Facebook bug adds festive balloons to Indonesia earthquake posts

Members of an Indonesian search and rescue team look for victims of the recent earthquake in Tanjung on Lombok island

Facebook says it “regrets” an algorithm blunder that caused balloons and confetti to appear in posts about the deadly earthquake in Indonesia.

Following the killer quake on the island of Lombok on Sunday – which has so far claimed at least 142 lives and injured more than 200 – users took to the social network to share their messages of condolence and support.

But they were shocked to find certain comments were causing Facebook’s celebratory animations to flood their screens, including balloons and confetti.

It seems the blunder was impacting posts that contained the word “selamat” – which can mean safe or unhurt but can also mean congratulations depending on the context.

The word was misinterpreted by Facebook’s algorithms to mean the latter, causing it to initiate the festive animations whenever it was shared.

“This feature (a text animation triggered by typing ‘congrats’) is widely available on Facebook globally, however we regret that it appeared in this unfortunate context and have since turned off the feature locally,” Lisa Stratton, a Facebook spokesperson, told Motherboard in an email. “Our hearts go out to the people affected by the earthquake.”

“Congrats” in Indonesian is “selamat”. Selamat also means “to survive.”

After the 6.9 magnitude earthquake in Lombok, Facebook users wrote “I hope people will survive”. Then Facebook highlighted the word “selamat” and throw some balloons and confetti. pic.twitter.com/DEhYLqHWUz

— Herman Saksono (@hermansaksono) August 6, 2018

Herman Saksono, an Indonesian computer science PhD student, spotted the blunder over the weekend.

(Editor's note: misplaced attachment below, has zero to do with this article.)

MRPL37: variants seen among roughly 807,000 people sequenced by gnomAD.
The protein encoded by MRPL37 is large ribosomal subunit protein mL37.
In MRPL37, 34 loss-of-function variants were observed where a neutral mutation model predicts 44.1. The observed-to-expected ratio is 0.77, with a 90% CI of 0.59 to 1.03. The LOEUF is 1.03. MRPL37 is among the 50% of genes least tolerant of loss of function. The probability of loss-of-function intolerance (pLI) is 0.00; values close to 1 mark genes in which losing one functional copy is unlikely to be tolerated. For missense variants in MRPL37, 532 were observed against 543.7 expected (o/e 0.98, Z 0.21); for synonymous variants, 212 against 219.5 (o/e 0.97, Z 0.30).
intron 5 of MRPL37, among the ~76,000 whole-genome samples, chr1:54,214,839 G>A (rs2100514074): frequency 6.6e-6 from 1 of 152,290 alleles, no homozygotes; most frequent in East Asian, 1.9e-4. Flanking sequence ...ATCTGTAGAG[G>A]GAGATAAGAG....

“‘Congrats’ in Indonesian is ‘selamat.’ Selamat also means ‘to survive.’ After the 6.9 magnitude earthquake in Lombok, Facebook users wrote: ‘I hope people will survive.’ Then Facebook highlighted the word ‘selamat’ and throw some balloons and confetti,” he tweeted.

More than 10,000 people were evacuated in the aftermath of the quake, including 4,600 foreign and domestic tourists from the three Gili islands off Lombok.

The 7.0 magnitude quake struck at 7:45 p.m. local time on Sunday, August 5.

Rescuers found victims under flattened buildings, with one woman pulled alive from the rubble of a collapsed mosque, which fell as people were praying.

Oxfam said it was providing clean drinking water and tarpaulin shelters to 5,000 survivors, but more than 20,000 estimated have been displaced.

A tsunami warning was issued in the aftermath covering the surrounding regions but has now been lifted.

It comes just a week after Lombok was rocked by an earlier earthquake that killed 17 people.

The National Disaster Mitigation Agency (BNPB) said the death toll was expected to rise after reports of thousands of buildings collapsing, especially in the north, the quake’s epicenter.

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